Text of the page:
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  29. #29
    President Member bensherb's Avatar
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    Quote Originally Posted by GiTarMan2 View Post
    /In all the research I've done on this rear offset axle, some say it will work if the driveshaft angles are equal and opposite and it doesn't matter if the driveshaft has both a vertical and horizontal angle as long as they are equal and opposite.
    This is True, works fine, at least it has for over 40 years in several cars I've put together.

    It sounds like stock springs will bolt right in still. In this pic, the bushings and shackles on the far right are the factory ones I removed from my car. They'll fit right into the spaces you measured. In my opinion the shackle bushings are a poor design allowing the shackles to "Z" and the rear end to move sideways under the car far too easily. The bushings and shackels on the left are ones I made to replace them that eliminate that tendency. With a 60+ inch wide axle side movement will be a problem with anything larger than a tiny tire, especially radials as they're wider in the sidewall area than bias tires.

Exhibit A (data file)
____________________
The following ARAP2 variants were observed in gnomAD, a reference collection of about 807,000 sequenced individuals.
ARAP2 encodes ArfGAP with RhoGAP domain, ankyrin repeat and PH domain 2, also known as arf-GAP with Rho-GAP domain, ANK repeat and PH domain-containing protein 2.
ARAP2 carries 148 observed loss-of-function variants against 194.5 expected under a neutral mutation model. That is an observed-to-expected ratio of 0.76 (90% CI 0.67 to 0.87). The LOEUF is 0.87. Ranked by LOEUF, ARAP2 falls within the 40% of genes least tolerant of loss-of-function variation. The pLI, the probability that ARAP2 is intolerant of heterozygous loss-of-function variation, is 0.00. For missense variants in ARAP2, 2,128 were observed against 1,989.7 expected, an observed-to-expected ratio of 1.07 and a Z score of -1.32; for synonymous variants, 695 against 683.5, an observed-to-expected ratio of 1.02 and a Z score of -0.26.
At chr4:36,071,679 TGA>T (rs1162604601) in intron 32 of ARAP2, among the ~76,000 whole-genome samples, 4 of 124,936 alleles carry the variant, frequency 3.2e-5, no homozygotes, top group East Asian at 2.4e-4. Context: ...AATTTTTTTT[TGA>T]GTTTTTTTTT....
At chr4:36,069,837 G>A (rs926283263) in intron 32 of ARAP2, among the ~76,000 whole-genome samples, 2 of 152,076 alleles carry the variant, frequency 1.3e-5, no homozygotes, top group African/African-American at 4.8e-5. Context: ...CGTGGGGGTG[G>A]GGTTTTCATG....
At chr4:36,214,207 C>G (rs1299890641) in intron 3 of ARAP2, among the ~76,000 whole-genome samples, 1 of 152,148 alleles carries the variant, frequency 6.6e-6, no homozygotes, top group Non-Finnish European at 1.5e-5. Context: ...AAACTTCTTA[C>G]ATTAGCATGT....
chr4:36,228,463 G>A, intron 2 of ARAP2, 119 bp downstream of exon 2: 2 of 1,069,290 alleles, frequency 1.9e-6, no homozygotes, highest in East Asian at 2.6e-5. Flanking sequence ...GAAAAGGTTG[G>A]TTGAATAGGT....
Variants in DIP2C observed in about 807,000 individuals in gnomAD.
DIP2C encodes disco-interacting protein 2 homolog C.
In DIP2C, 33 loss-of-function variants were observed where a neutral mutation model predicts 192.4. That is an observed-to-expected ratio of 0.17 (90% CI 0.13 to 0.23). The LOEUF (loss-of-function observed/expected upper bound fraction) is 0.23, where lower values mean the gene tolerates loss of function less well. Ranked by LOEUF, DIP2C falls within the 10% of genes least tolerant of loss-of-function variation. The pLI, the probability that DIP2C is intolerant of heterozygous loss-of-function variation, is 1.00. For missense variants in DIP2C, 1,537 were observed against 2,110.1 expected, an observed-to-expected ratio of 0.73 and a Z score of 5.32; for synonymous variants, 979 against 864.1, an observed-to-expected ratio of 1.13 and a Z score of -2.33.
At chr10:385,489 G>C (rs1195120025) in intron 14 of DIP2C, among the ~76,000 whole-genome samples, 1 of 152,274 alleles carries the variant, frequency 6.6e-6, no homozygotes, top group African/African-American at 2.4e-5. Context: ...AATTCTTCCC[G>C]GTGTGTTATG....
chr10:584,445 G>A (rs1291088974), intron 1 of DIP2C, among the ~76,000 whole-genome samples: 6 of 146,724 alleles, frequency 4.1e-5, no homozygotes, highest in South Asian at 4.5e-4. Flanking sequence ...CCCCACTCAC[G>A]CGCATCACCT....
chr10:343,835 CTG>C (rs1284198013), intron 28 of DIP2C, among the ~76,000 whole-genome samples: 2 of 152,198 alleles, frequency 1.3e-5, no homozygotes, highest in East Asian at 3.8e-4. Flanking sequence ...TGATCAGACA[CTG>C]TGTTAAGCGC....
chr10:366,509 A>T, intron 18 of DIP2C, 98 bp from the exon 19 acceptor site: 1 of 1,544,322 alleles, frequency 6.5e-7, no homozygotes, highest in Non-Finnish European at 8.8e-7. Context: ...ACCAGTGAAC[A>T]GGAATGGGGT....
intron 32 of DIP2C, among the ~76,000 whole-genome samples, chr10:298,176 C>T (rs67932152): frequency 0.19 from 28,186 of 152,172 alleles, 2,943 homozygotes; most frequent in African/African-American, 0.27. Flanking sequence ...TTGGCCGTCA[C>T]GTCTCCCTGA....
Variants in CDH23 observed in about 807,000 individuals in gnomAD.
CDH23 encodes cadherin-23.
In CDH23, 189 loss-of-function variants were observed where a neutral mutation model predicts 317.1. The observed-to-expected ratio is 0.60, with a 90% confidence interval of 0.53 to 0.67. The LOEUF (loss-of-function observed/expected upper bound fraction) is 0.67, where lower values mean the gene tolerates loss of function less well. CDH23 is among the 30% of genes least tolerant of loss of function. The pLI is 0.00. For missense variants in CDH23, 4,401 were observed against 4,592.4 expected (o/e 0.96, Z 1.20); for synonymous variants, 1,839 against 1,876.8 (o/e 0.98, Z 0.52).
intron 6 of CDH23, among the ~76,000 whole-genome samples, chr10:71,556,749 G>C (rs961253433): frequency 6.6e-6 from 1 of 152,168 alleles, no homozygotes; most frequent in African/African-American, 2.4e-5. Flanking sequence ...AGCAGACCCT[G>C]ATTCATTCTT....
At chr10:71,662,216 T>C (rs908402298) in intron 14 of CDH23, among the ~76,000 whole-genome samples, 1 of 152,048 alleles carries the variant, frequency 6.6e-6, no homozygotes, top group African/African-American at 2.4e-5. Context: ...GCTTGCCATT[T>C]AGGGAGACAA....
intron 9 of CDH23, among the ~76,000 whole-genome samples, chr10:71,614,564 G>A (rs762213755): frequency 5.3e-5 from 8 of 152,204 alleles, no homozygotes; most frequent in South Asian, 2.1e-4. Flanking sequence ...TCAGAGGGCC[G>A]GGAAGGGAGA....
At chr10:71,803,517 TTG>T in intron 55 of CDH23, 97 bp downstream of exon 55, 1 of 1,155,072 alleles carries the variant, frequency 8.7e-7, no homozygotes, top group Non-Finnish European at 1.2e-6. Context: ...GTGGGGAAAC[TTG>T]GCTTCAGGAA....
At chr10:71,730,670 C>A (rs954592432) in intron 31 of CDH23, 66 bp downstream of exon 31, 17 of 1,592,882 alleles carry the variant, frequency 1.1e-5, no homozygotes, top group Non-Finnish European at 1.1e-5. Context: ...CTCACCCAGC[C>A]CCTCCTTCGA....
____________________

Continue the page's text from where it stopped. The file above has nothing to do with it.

20160607_174338.jpg20160610_190831.jpg
    I made my bushings from Delrin, some will say it's too hard and will transmit too much road noise, but I haven't noticed any significant difference from the stock bushnigs. There's very little, really hard rubber in the stock shackle bushings, so not much isolation there to start with. Here are the dimensions for the bushings I made.
    Stude rear spring bushings.jpg
    Last edited by bensherb; 09-22-2017 at 02:38 PM.

  30. #30
    President Member Corley's Avatar